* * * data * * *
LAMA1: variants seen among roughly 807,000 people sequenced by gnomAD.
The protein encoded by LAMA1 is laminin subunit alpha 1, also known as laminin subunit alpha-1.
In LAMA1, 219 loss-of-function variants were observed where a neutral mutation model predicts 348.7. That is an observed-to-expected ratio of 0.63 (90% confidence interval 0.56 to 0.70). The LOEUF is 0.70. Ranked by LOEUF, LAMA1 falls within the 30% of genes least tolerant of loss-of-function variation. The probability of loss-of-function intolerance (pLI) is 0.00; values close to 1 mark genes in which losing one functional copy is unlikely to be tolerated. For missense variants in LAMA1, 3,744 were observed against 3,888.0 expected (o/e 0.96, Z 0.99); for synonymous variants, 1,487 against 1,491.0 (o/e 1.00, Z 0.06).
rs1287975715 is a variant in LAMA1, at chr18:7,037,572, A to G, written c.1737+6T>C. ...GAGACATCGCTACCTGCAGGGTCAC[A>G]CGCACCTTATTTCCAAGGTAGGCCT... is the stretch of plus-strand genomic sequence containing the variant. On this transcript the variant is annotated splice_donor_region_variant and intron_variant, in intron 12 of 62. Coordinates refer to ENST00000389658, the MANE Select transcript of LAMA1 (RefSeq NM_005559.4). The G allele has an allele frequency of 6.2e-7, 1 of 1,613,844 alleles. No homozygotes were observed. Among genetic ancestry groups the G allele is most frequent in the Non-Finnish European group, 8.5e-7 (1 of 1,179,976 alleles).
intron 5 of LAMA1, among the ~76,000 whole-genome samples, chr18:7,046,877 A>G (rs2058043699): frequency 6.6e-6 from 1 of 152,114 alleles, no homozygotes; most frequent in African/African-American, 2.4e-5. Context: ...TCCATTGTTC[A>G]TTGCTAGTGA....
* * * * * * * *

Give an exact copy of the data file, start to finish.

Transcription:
LAMA1: variants seen among roughly 807,000 people sequenced by gnomAD.
The protein encoded by LAMA1 is laminin subunit alpha 1, also known as laminin subunit alpha-1.
In LAMA1, 219 loss-of-function variants were observed where a neutral mutation model predicts 348.7. That is an observed-to-expected ratio of 0.63 (90% confidence interval 0.56 to 0.70). The LOEUF is 0.70. Ranked by LOEUF, LAMA1 falls within the 30% of genes least tolerant of loss-of-function variation. The probability of loss-of-function intolerance (pLI) is 0.00; values close to 1 mark genes in which losing one functional copy is unlikely to be tolerated. For missense variants in LAMA1, 3,744 were observed against 3,888.0 expected (o/e 0.96, Z 0.99); for synonymous variants, 1,487 against 1,491.0 (o/e 1.00, Z 0.06).
rs1287975715 is a variant in LAMA1, at chr18:7,037,572, A to G, written c.1737+6T>C. ...GAGACATCGCTACCTGCAGGGTCAC[A>G]CGCACCTTATTTCCAAGGTAGGCCT... is the stretch of plus-strand genomic sequence containing the variant. On this transcript the variant is annotated splice_donor_region_variant and intron_variant, in intron 12 of 62. Coordinates refer to ENST00000389658, the MANE Select transcript of LAMA1 (RefSeq NM_005559.4). The G allele has an allele frequency of 6.2e-7, 1 of 1,613,844 alleles. No homozygotes were observed. Among genetic ancestry groups the G allele is most frequent in the Non-Finnish European group, 8.5e-7 (1 of 1,179,976 alleles).
intron 5 of LAMA1, among the ~76,000 whole-genome samples, chr18:7,046,877 A>G (rs2058043699): frequency 6.6e-6 from 1 of 152,114 alleles, no homozygotes; most frequent in African/African-American, 2.4e-5. Context: ...TCCATTGTTC[A>G]TTGCTAGTGA....